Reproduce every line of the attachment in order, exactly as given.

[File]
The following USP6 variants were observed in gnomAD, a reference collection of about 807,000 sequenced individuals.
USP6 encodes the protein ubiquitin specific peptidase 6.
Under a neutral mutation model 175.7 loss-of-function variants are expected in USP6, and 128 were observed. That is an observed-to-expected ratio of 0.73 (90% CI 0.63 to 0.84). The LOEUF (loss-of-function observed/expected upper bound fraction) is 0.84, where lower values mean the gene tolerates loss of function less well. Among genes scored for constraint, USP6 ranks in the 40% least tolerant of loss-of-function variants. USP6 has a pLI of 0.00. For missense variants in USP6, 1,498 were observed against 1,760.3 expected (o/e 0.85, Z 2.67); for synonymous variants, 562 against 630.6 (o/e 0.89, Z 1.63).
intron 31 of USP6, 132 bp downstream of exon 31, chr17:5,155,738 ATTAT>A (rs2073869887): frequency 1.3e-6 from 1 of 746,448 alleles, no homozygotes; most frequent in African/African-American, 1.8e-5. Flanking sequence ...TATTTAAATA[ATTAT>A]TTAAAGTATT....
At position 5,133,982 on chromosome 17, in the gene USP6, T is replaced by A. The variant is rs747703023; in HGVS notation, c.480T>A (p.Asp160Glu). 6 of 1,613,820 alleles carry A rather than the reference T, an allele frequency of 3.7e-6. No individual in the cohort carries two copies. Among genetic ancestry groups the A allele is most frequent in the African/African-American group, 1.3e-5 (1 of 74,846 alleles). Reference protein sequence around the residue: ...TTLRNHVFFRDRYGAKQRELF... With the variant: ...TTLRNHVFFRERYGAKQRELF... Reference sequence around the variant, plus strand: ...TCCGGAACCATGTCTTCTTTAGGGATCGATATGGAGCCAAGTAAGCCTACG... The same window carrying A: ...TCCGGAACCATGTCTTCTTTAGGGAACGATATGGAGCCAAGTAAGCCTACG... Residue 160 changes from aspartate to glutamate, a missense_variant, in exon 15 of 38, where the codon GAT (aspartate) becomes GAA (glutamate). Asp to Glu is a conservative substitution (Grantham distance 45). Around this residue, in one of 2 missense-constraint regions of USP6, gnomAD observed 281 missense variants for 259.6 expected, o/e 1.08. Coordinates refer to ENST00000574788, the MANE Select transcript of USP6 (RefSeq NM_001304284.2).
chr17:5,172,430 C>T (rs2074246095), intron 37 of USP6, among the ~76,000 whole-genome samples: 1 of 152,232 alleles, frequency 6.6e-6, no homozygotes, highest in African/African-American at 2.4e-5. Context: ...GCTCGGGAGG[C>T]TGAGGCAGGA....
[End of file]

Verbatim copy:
The following USP6 variants were observed in gnomAD, a reference collection of about 807,000 sequenced individuals.
USP6 encodes the protein ubiquitin specific peptidase 6.
Under a neutral mutation model 175.7 loss-of-function variants are expected in USP6, and 128 were observed. That is an observed-to-expected ratio of 0.73 (90% CI 0.63 to 0.84). The LOEUF (loss-of-function observed/expected upper bound fraction) is 0.84, where lower values mean the gene tolerates loss of function less well. Among genes scored for constraint, USP6 ranks in the 40% least tolerant of loss-of-function variants. USP6 has a pLI of 0.00. For missense variants in USP6, 1,498 were observed against 1,760.3 expected (o/e 0.85, Z 2.67); for synonymous variants, 562 against 630.6 (o/e 0.89, Z 1.63).
intron 31 of USP6, 132 bp downstream of exon 31, chr17:5,155,738 ATTAT>A (rs2073869887): frequency 1.3e-6 from 1 of 746,448 alleles, no homozygotes; most frequent in African/African-American, 1.8e-5. Flanking sequence ...TATTTAAATA[ATTAT>A]TTAAAGTATT....
At position 5,133,982 on chromosome 17, in the gene USP6, T is replaced by A. The variant is rs747703023; in HGVS notation, c.480T>A (p.Asp160Glu). 6 of 1,613,820 alleles carry A rather than the reference T, an allele frequency of 3.7e-6. No individual in the cohort carries two copies. Among genetic ancestry groups the A allele is most frequent in the African/African-American group, 1.3e-5 (1 of 74,846 alleles). Reference protein sequence around the residue: ...TTLRNHVFFRDRYGAKQRELF... With the variant: ...TTLRNHVFFRERYGAKQRELF... Reference sequence around the variant, plus strand: ...TCCGGAACCATGTCTTCTTTAGGGATCGATATGGAGCCAAGTAAGCCTACG... The same window carrying A: ...TCCGGAACCATGTCTTCTTTAGGGAACGATATGGAGCCAAGTAAGCCTACG... Residue 160 changes from aspartate to glutamate, a missense_variant, in exon 15 of 38, where the codon GAT (aspartate) becomes GAA (glutamate). Asp to Glu is a conservative substitution (Grantham distance 45). Around this residue, in one of 2 missense-constraint regions of USP6, gnomAD observed 281 missense variants for 259.6 expected, o/e 1.08. Coordinates refer to ENST00000574788, the MANE Select transcript of USP6 (RefSeq NM_001304284.2).
chr17:5,172,430 C>T (rs2074246095), intron 37 of USP6, among the ~76,000 whole-genome samples: 1 of 152,232 alleles, frequency 6.6e-6, no homozygotes, highest in African/African-American at 2.4e-5. Context: ...GCTCGGGAGG[C>T]TGAGGCAGGA....